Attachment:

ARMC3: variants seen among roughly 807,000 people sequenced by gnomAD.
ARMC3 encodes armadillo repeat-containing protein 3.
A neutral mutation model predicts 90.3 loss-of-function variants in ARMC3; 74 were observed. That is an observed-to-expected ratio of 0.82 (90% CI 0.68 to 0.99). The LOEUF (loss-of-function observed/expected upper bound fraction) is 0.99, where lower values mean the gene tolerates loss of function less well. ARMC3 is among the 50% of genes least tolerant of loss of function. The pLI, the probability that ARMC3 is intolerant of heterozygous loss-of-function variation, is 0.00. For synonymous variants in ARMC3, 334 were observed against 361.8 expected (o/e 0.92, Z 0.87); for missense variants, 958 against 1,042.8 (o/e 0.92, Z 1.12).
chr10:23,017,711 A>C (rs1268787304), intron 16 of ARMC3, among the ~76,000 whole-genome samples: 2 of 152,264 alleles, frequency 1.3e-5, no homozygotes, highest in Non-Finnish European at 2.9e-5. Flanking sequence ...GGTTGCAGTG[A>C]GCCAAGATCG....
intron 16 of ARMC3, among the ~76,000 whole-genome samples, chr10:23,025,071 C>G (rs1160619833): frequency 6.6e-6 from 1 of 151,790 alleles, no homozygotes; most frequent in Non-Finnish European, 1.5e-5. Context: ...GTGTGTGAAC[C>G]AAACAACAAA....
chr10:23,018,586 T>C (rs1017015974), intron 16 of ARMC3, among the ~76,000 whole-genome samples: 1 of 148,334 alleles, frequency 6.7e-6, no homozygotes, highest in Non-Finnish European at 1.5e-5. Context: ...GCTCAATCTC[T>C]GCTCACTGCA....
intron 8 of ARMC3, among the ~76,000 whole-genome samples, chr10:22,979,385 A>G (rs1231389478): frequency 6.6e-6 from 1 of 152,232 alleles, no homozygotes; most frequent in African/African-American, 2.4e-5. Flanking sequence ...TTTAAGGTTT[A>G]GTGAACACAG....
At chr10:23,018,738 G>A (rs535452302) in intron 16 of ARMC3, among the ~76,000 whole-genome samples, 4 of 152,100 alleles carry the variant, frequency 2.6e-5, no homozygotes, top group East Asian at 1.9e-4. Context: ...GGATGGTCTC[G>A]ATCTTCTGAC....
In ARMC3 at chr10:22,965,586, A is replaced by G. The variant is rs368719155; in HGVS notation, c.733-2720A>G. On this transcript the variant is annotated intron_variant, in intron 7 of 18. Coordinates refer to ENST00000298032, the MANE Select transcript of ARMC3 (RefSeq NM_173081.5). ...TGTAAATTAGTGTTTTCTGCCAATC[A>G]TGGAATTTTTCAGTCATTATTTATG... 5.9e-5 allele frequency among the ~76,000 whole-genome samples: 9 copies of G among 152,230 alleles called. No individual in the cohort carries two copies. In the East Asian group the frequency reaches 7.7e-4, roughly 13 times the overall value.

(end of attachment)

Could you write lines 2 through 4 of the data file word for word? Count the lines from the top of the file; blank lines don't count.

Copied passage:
ARMC3 encodes armadillo repeat-containing protein 3.
A neutral mutation model predicts 90.3 loss-of-function variants in ARMC3; 74 were observed. That is an observed-to-expected ratio of 0.82 (90% CI 0.68 to 0.99). The LOEUF (loss-of-function observed/expected upper bound fraction) is 0.99, where lower values mean the gene tolerates loss of function less well. ARMC3 is among the 50% of genes least tolerant of loss of function. The pLI, the probability that ARMC3 is intolerant of heterozygous loss-of-function variation, is 0.00. For synonymous variants in ARMC3, 334 were observed against 361.8 expected (o/e 0.92, Z 0.87); for missense variants, 958 against 1,042.8 (o/e 0.92, Z 1.12).
chr10:23,017,711 A>C (rs1268787304), intron 16 of ARMC3, among the ~76,000 whole-genome samples: 2 of 152,264 alleles, frequency 1.3e-5, no homozygotes, highest in Non-Finnish European at 2.9e-5. Flanking sequence ...GGTTGCAGTG[A>C]GCCAAGATCG....